ARC Review: Little Monsters by Kara Thomas

LITTLE MONSTERS
Author: Kara Thomas
Genre: YA, Contemporary, Mystery, Thriller
Pub Date: July 25, 2017
Publisher: Delacorte Press
Source: ARC from #booksfortrade

Goodreads | Barnes and Noble | Amazon

For fans of Pretty Little Liars, Little Monsters is a new psychological thriller, from the author of The Darkest Corners, about appearances versus reality and the power of manipulation amongst teenage girls.

Kacey is the new girl in Broken Falls. When she moved in with her father, she stepped into a brand-new life. A life with a stepbrother, a stepmother, and strangest of all, an adoring younger half sister.

Kacey’s new life is eerily charming compared with the wild highs and lows of the old one she lived with her volatile mother. And everyone is so nice in Broken Falls—she’s even been welcomed into a tight new circle of friends. Bailey and Jade invite her to do everything with them.

Which is why it’s so odd when they start acting distant. And when they don’t invite her to the biggest party of the year, it doesn’t exactly feel like an accident.

But Kacey will never be able to ask, because Bailey never makes it home from that party. Suddenly, Broken Falls doesn’t seem so welcoming after all—especially once everyone starts looking to the new girl for answers.

Kacey is about to learn some very important lessons: Sometimes appearances can be deceiving. Sometimes when you’re the new girl, you shouldn’t trust anyone.

 

review-at-a-glance

TITLE: boring | nothing special | pretty good | caught my eye | perfection | music to my ears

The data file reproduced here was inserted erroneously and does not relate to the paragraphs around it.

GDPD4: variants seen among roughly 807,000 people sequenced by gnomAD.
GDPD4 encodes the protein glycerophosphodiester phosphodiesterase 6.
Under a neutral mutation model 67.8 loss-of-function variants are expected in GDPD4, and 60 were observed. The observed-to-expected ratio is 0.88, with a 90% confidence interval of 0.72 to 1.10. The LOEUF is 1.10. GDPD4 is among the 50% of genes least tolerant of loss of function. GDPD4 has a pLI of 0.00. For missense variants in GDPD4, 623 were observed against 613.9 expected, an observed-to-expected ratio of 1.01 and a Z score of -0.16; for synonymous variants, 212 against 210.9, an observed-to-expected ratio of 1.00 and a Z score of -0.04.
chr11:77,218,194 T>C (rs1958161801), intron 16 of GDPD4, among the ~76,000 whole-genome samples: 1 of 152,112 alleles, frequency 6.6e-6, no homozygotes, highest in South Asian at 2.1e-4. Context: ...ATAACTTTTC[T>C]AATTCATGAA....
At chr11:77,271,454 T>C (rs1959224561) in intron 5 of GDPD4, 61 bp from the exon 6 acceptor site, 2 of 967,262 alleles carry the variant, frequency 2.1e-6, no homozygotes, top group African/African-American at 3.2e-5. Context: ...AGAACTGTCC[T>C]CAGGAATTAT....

COVER: not my favorite | goes well with rest of the series | boring | generic | pretty | series cover change | beautiful | HEART EYES
POV: 1st | 2nd | 3rd limited | 3rd omniscient | multiple POVs (diary entries) | too many POVs
CONCEPT: original as heck | run of the mill in genre | average | has potential | great idea, bad execution
MOOD: dark | hilarious | light hearted | romantic | depressing | suspenseful | fluffy | mysterious
PACING: snail’s pace | couldn’t keep up | mix of fast and slow | slow in the wrong places | fast in the wrong places | what even is pacing?
CHARACTERS: i’m in love | couldn’t connect | too many | well developed (all) | infuriating | annoying | precious babies | underdeveloped (all)| a mix of good and bad | diverse | okay | new favorite characters
ROMANCE: none | steamy | fluffy | OTP status | cute | not center stage | barely there | cheesy | instalove | slow burn | i ship it | love triangle
DIVERSITY: none | lgbtq+ | racial (stepbrother is half korean) | religion | disabled | mental illness | body | #ownvoices

 

Ahh, thrillers. My current obsession. Usually, I only read adult thrillers, which is a little silly, because I’m obviously a huge fan of YA. So when I saw this YA thriller at ALA, I snatched it up. The blurb sounded promising, and the comparison to PLL made me intrigued.

Was it accurate? If you consider PLL a mysterious, twisty, disturbing thriller, then yes! (Also, if anyone has read Gillian Flynn, this book is like a mashup of Sharp Objects and Dark Places).